stock unconditionally owned by one or more socially and economically
disadvantaged individuals and whose management and daily business is
controlled by one or more such individuals.
Small Business Innovative Research (SBIR) Contract
A type of contract designed to foster technological innovation by small
businesses with 500 or fewer employees. The SBIR contract program provides
for a three-phased approach to research and development projects:
technological feasibility and concept development; the primary research
effort; and the conversion of the technology to a commercial application.
Small Business Development Centers (SBDC)
SBDCs offer a broad spectrum of business information and guidance as
well as assistance in preparing loan applications.
A business smaller than a given size as measured by its employment,
business receipts, or business assets.
Service Corps of Retired Executives (SCORE)
The Service Corps of Retired Executives (SCORE) is a 12,400-member
volunteer association sponsored by the SBA. SCORE matches volunteer
business-management counselors with present prospective small business
owners in need of expert advice.
Request for Proposal (RFP)
A document outlining a government agency’s requirements and the criteria
for the evaluation of offers.
A firm in a developmental stage that aspires to increasing its
capabilities through a mutually beneficial business-to-business
SBA’s Procurement Marketing Access Network, or PRO-Net, is a “virtual”
one-stop procurement shop. The database offers an electronic search engine
for contracting officers and serves as a marketing tool for small businesses
that register with the system. It contains the profiles of thousands of
A contract awarded directly by the Federal government.
A mutually beneficial business-to-business relationship based on trust
and commitment and that enhances the capabilities of both parties.
One-Stop Capital Shops (OSCSs)
OSCSs are the SBA’s contribution to the Empowerment Zones/Enterprise
Communities Program, an interagency initiative that provides resources to
economically distressed communities. The shops provide a full range of SBA
lending and technical assistance programs.
Contracting through the use of either competitive or
other-than-competitive proposals and discussions. Any contract awarded
without using sealed bidding procedures is a negotiated contract.
A business, usually large, or other organization that has created a
specialized program to advance strategic relationships with small
In the SBA Mentor-Protégé Program, an agreement between a certified 8(a)
firm and a mentor firm to perform a specific federal contract.
Organizations that play a fundamental role in encouraging, promoting,
and facilitating business-to-business linkages and mentor-protégé
partnerships. These can include both nonprofit and for-profit organizations:
chambers of commerce; trade associations; local, civic, and community
groups; state and local governments; academic institutions; and private
Full and Open Competition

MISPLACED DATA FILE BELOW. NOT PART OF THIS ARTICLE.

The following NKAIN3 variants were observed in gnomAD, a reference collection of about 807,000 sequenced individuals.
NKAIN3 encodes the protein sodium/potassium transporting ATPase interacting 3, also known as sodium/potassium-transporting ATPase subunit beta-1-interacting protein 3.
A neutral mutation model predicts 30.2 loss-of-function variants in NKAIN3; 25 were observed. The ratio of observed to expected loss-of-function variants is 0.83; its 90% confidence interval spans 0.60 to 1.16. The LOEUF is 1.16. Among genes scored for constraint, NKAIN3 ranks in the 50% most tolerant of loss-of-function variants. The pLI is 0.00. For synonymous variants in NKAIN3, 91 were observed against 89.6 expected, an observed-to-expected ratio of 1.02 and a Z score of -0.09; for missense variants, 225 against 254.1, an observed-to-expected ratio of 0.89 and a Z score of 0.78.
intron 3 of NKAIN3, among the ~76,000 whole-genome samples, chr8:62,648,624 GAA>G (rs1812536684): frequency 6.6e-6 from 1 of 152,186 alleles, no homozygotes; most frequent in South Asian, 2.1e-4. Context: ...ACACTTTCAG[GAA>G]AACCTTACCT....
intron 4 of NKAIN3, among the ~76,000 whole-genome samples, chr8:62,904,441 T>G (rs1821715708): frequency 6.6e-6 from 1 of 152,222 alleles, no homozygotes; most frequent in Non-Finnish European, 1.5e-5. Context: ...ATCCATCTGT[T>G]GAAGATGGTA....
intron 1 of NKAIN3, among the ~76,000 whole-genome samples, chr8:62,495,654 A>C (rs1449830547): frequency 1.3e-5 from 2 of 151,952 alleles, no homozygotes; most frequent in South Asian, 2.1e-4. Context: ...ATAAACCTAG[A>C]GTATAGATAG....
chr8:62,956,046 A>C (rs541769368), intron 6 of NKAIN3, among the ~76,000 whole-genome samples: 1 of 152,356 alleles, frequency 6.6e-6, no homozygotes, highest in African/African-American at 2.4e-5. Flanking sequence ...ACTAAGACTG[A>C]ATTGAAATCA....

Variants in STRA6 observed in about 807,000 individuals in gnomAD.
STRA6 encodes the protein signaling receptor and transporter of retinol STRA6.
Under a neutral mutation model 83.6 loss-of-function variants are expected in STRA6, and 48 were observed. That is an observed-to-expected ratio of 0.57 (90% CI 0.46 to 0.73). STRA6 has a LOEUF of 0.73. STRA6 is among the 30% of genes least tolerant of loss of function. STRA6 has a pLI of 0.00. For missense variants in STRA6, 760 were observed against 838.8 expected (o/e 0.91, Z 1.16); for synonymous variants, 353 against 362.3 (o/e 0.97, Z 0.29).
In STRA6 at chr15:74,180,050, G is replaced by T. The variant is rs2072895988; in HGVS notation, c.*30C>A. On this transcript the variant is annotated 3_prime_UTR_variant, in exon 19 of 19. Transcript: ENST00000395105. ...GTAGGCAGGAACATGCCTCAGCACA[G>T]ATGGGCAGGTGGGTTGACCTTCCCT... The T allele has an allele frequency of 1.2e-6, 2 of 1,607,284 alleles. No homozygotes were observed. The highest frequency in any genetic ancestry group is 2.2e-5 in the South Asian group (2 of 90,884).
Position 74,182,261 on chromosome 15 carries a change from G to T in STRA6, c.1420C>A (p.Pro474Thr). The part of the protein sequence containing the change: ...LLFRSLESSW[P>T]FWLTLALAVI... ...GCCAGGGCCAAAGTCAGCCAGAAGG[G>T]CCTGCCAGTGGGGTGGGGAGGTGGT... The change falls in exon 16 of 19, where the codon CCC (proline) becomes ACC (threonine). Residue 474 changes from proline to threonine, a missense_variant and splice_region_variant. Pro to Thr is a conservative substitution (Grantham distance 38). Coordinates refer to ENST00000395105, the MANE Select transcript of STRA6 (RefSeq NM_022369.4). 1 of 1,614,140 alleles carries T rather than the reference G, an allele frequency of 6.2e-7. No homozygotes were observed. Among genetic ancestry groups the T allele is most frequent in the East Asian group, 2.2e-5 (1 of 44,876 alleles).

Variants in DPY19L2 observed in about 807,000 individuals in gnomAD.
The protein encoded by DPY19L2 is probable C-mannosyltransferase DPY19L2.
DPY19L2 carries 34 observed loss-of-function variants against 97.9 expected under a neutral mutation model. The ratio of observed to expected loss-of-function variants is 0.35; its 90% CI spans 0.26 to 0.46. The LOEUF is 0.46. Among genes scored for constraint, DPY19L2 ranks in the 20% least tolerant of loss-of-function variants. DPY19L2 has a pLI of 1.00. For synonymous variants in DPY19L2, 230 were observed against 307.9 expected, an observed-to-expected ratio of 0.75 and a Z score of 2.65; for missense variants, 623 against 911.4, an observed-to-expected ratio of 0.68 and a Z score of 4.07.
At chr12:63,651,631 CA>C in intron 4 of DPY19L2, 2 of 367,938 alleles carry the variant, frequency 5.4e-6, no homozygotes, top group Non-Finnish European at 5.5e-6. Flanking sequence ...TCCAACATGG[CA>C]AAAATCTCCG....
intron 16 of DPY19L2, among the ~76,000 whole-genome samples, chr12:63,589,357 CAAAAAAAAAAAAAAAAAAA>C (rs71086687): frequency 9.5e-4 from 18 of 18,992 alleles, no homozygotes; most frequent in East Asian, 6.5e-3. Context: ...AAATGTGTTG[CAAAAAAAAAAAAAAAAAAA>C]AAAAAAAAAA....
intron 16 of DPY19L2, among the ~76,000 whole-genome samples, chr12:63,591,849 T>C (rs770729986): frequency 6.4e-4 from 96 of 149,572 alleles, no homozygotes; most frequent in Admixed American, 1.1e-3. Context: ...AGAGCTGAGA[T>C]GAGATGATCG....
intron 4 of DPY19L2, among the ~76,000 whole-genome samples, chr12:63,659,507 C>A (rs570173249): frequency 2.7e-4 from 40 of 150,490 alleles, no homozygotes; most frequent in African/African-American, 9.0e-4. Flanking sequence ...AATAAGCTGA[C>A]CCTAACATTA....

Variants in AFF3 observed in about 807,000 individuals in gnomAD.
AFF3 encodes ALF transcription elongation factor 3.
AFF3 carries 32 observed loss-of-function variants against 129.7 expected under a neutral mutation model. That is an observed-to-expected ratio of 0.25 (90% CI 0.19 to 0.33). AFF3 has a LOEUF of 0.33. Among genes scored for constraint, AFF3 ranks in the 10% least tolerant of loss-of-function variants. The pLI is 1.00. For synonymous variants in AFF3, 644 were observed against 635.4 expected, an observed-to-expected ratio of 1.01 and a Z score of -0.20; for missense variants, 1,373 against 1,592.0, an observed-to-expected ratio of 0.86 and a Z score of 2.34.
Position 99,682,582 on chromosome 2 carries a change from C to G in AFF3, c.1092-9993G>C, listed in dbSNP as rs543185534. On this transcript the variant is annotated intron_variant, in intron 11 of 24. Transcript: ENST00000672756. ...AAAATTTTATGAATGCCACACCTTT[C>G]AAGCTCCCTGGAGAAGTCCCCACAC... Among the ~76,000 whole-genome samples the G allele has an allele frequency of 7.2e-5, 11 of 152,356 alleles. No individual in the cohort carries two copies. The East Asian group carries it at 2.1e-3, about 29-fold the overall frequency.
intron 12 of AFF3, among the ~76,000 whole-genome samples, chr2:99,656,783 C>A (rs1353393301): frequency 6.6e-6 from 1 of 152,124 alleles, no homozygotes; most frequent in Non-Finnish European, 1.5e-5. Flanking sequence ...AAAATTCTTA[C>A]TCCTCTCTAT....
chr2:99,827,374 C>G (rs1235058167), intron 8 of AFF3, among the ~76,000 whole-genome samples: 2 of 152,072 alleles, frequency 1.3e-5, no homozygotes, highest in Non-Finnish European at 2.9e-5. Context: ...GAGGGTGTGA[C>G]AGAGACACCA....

With respect to a contract action, “full and open” competition means
that all responsible sources are permitted to compete.
Federal Acquisition Regulation (FAR)
The body of regulations which is the primary source of authority
governing the government procurement process. The FAR, which is published as
Chapter 1 of Title 48 of the Code of Federal Regulations, is prepared,
issued, and maintained under the joint auspices of the Secretary of Defense,
the Administrator of General Services Administration, and the Administrator
of the National Aeronautics and Space Administration. Actual responsibility
for maintenance and revision of the FAR is vested jointly in the Defense
Acquisition Regulatory Council (DARC) and the Civilian Agency Acquisition
Fair and Reasonable Price
A price that is fair to both parties, considering the agreed-upon
conditions, promised quality, and timeliness of contract performance. “Fair
and reasonable” price is subject to statutory and regulatory limitations.
An accounting term used to describe the net investment of owners or
stockholders in a business. Under the accounting equation, equity also
represents the result of assets less liabilities.
Emerging Small Business
A small business concern whose size is no greater than 50 percent of the
numerical size standard applicable to the Standard Industrial Classification
code assigned to a contracting opportunity.
Electronic Data Interchange
Transmission of information between computers using highly standardized
electronic versions of common business documents.
Any person who enters into a contract with the United States for the
production of material or for the performance of services for the national
Defense Acquisition Regulatory Council (DARC)
A group composed of representatives from each Military department, the
Defense Logistics Agency, and the National Aeronautics and Space
Administration and that is in charge of the Federal Acquisition Regulation
(FAR) on a joint basis with the Civilian Agency Acquisition Council (CAAC).